Yonkers player challenges AP criminal debt collection

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A Yonkers plumber who likes to gamble sues to stop a Pennsylvania prosecutor from collecting a casino debt.

Richard L. Solano sued the Luzerne County District Attorney on May 23 in U.S. Bankruptcy Court in White Plains, accusing the prosecutor, Stefanie J. Salvantis, of unconstitutionally using criminal law to enforce a civil debt.

Criminal prosecution of gambling debts creates a “debtors’ prison” for gamblers, the complaint states, and interferes with the role of the bankruptcy court by offering debtors a fresh start.

Solano, 55, owns Complete Plumbing & Heating Services, Yonkers, and lives in Carmel, Putnam County.

He describes himself in the complaint as a player for many years who has played in many tournaments and won several. But it is his losing streak that is in question.

He filed for Chapter 7 bankruptcy liquidation on May 20, declaring $12,350 in assets and more than $2.8 million in liabilities. More than half of the liabilities, $1.75 million, relate to casino debts ranging from $150,000 to $640,000.

He owes money to the Borgata Hotel Casino & Spa, Atlantic City; MGM National Port, Maryland; Mohegan Sun, Connecticut; Resorts World Bimini Casino, Miami; Seminole Casino, Okeechobee, Florida. It also lists unknown amounts owed to Masantucket Pequot Gaming Enterprise, Connecticut and Seminole Hard Rock, Rockledge, Florida.

In February 2017, he was playing at Mohegan Sun Pocono Casino near Wilkes-Barre, Luzerne County, Pennsylvania.

The casino approved $250,000 in game markers—essentially a line of credit or short-term loan—for the purchase of casino chips for the game. Seven hours later, the casino approved an additional $50,000 in markers.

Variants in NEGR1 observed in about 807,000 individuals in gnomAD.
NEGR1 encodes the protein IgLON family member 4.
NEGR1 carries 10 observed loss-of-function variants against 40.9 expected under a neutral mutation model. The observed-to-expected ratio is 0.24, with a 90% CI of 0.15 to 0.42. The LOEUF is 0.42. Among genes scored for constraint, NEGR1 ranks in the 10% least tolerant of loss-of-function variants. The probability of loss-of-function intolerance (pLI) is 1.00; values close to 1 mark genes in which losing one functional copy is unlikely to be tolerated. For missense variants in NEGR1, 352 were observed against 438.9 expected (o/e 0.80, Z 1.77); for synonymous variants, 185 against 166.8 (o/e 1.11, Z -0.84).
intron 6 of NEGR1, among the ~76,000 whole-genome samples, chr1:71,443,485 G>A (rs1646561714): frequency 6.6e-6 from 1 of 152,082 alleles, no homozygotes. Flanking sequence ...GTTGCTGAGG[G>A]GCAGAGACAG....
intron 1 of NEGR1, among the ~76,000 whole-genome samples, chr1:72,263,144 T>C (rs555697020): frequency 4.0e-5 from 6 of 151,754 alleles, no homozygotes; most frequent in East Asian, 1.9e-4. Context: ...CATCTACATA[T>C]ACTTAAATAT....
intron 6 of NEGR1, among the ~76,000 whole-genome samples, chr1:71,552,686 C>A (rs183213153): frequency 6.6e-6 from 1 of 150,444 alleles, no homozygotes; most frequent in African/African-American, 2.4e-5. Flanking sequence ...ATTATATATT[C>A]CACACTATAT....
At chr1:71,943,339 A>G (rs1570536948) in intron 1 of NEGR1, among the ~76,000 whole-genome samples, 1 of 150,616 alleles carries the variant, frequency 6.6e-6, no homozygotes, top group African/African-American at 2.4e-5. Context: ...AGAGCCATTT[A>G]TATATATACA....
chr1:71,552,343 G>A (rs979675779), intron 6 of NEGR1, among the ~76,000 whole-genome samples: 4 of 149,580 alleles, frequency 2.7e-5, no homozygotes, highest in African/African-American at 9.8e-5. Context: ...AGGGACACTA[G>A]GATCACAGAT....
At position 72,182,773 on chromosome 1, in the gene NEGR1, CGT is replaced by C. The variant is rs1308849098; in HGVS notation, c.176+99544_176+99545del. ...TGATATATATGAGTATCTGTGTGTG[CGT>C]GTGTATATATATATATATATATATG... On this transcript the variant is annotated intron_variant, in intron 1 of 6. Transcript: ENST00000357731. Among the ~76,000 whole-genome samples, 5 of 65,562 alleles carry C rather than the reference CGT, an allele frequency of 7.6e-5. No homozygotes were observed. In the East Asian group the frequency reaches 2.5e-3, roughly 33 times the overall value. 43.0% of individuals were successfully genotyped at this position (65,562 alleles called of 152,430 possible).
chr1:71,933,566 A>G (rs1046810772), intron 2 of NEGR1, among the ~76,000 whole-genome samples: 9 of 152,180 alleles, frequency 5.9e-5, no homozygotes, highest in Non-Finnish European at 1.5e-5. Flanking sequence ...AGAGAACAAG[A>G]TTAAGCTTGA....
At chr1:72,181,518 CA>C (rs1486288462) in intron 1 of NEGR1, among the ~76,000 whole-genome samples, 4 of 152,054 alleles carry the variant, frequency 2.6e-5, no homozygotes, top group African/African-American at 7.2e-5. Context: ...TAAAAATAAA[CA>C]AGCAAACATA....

When it came time to pay the markers, Solano did not have enough funds.

The complaint says the markers were issued at the start of the Covid-19 pandemic, shortly before Governor Andrew Cuomo issued orders restricting activities, and therefore reducing its ability to generate revenue.

(Cuomo declared a state of emergency and closed schools and some businesses in March 2020, more than three years after Mohegan Sun approved the Solano markers.)

Salvantis, the DA, filed a “private criminal complaint” in May 2018 accusing Solano of issuing a $250,000 check to pay the markers knowing his Bank of America account would not honor it.

“This case challenges the legality of using criminal law to collect gambling debts from a casino,” the complaint states.

Using a criminal action to collect a civil debt is an abuse of process, argues Solano’s attorney, H. Bruce Bronson.

He says the prosecution is seeking a conviction on the presumption that Solano intended to defraud the casino, without proving each element of the crime beyond a reasonable doubt, in violation of the due process clause of the American Constitution.

The complaint also claims that the district attorney’s office is not a neutral party because it receives commissions from the revenue it collects from suing unpaid casino scorers, thus inserting a profit motive into the lawsuit.

“Pennsylvania laws are nothing more than a gimmick for district attorney debt collection,” the complaint states, “which is in the pocket of the casinos.”

Solano has no criminal record, does not usually write bad checks and poses no danger to society, the complaint states.

“The district attorney is simply acting as a debt collector for the casino and using the criminal prosecution as a hammer.”

Samuel Sanguedolce, who replaced Salvantis as Luzerne prosecutor, called the complaint off-base.

He said the purpose of criminal law is to protect commercial transactions. Solano wrote a check, didn’t have the money, was told to pay it back, and didn’t.

Others have challenged the bad check law, he said, without success.

Solano is asking the court to stop the criminal case and he has requested an immediate “emergency” temporary restraining order. US Bankruptcy Judge Sean H. Lane dismissed the restraining order on May 27.


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